Head to the high street for a festive horror show
There is both horror and pleasure to strolling around the country’s biggest department stores at Christmastime. The average high street might be struggling, but the likes of Selfridges and Fortnum’s are booming. One way they lure you in is with the grotesque insanity of the window displays. This year Selfridges features Father Christmases in all manner of tight, Bowie-esque, sequined outfits, writhing over an electric guitar.
Inside, there’s an exquisite barrage of perfumes, thousandpound silk slips and chocolate figurines. But it’s the Christmas section that really outdoes itself.
There’s all sorts of “very British” tat – teabags decorated with Royal family members and pens shaped like soldiers – all of which can be had cheaper online. Then there’s the really weird stuff.
First, there’s an 8ft stuffed dinosaur (species unclear). The centrepiece of the girls’ section is an enormous, soft-toy, winged unicorn, roughly life-size (if that applies to unicorns) but oddly hideous, featuring abnormally deep, grey nostrils, a weird cuff of shoulder wrinkles and a horribly hunched back. Any little girl’s dream, it’s a snip at £3,600.
That’s thrown into shade, though, by the massive, singing reindeer. The creature comes to a jerky, disjointed sort of life at the touch of a button, upon which it begins to swing its big head back and forth while Silent Night plays. I think it’s meant to be approximating singing, but the mouth movements are random and the voice is that of a large choir.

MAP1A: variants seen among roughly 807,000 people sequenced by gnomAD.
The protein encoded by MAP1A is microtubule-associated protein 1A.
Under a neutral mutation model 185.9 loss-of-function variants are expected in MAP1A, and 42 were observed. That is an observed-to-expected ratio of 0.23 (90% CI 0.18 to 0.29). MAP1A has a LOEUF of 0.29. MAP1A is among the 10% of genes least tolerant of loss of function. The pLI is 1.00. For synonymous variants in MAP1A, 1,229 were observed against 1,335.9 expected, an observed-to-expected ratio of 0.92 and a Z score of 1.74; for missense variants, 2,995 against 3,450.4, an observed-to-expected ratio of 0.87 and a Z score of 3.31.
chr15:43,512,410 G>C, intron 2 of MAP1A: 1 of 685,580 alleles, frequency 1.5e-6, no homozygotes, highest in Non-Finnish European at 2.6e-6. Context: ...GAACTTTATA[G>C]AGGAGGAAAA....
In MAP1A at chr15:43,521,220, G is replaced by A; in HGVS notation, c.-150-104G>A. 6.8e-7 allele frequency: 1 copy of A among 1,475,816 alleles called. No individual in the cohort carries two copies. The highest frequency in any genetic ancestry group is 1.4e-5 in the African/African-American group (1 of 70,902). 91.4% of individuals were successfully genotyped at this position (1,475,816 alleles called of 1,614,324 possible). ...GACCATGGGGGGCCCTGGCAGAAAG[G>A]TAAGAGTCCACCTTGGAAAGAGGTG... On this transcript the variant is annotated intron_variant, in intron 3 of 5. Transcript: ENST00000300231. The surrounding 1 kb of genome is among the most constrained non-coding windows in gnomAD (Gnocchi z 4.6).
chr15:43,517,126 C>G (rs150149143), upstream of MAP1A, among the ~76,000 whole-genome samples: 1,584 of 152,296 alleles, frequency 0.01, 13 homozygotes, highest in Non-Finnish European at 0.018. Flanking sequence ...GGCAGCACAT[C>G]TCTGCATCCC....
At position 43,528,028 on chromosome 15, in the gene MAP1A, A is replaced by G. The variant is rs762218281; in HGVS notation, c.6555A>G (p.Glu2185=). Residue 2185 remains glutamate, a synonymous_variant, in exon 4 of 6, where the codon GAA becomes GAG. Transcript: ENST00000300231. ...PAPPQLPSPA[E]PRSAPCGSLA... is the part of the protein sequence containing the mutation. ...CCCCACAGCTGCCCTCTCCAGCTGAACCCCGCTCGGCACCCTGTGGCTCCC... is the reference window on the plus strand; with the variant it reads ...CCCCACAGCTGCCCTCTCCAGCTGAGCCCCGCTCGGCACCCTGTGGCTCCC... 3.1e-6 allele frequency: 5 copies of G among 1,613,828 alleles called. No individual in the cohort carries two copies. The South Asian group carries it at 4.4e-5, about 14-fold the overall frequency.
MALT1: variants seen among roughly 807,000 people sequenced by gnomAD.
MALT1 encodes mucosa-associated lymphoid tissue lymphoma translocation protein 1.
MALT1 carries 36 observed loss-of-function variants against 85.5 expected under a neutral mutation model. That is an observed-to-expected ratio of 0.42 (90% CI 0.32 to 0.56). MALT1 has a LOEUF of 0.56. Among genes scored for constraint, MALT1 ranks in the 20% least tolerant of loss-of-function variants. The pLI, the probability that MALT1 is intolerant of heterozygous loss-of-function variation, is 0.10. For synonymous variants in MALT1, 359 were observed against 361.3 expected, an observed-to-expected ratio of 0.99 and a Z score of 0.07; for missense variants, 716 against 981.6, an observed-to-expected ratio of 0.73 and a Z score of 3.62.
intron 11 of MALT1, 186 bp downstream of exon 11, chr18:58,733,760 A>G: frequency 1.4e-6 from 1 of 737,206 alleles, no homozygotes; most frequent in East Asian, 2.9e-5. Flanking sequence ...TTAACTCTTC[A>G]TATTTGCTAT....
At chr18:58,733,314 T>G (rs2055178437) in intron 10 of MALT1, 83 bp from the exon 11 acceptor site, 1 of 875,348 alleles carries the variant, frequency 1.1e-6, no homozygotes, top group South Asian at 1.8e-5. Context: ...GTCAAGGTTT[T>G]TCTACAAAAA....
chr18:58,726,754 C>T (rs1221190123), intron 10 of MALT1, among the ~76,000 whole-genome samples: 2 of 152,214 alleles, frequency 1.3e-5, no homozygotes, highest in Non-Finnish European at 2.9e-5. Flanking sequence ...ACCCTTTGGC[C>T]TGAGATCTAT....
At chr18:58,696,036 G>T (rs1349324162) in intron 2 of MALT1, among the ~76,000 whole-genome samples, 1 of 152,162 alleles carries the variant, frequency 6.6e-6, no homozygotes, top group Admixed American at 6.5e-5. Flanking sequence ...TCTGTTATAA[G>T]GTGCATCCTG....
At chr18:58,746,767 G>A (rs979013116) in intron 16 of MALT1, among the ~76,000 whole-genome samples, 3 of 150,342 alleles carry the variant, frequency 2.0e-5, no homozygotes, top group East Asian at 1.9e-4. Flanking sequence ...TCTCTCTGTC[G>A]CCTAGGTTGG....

And what can you expect to pay for this creative, avant-garde Christmas masterpiece? The flapping plastic label on its forehead proclaims the price to be £11,500.
In case anyone is worried about the Irish border in the Brexit debate, Brexiteer Tory Owen Paterson was on hand to dispel anxiety late during the debate on Tuesday night. “People have this ludicrous idea of borders – that we have a man in a tricorn hat stopping the stagecoach with a ladle and testing the brandy,” he declared, adding, for clarity’s sake: “That does not happen.”
I’m not sure who the “people” are to whom Mr Paterson’s been talking, but I would like to obtain the use of a time machine to meet them. The brandy and tricorn hat sound rather charming: far better than the bore of electronic customs forms, trade reporting systems and risk-weighted regulatory checks. A modern container ship isn’t half so picturesque as a stagecoach.
Rock bottom? Selfridges’ windows feature Santa writhing over a guitar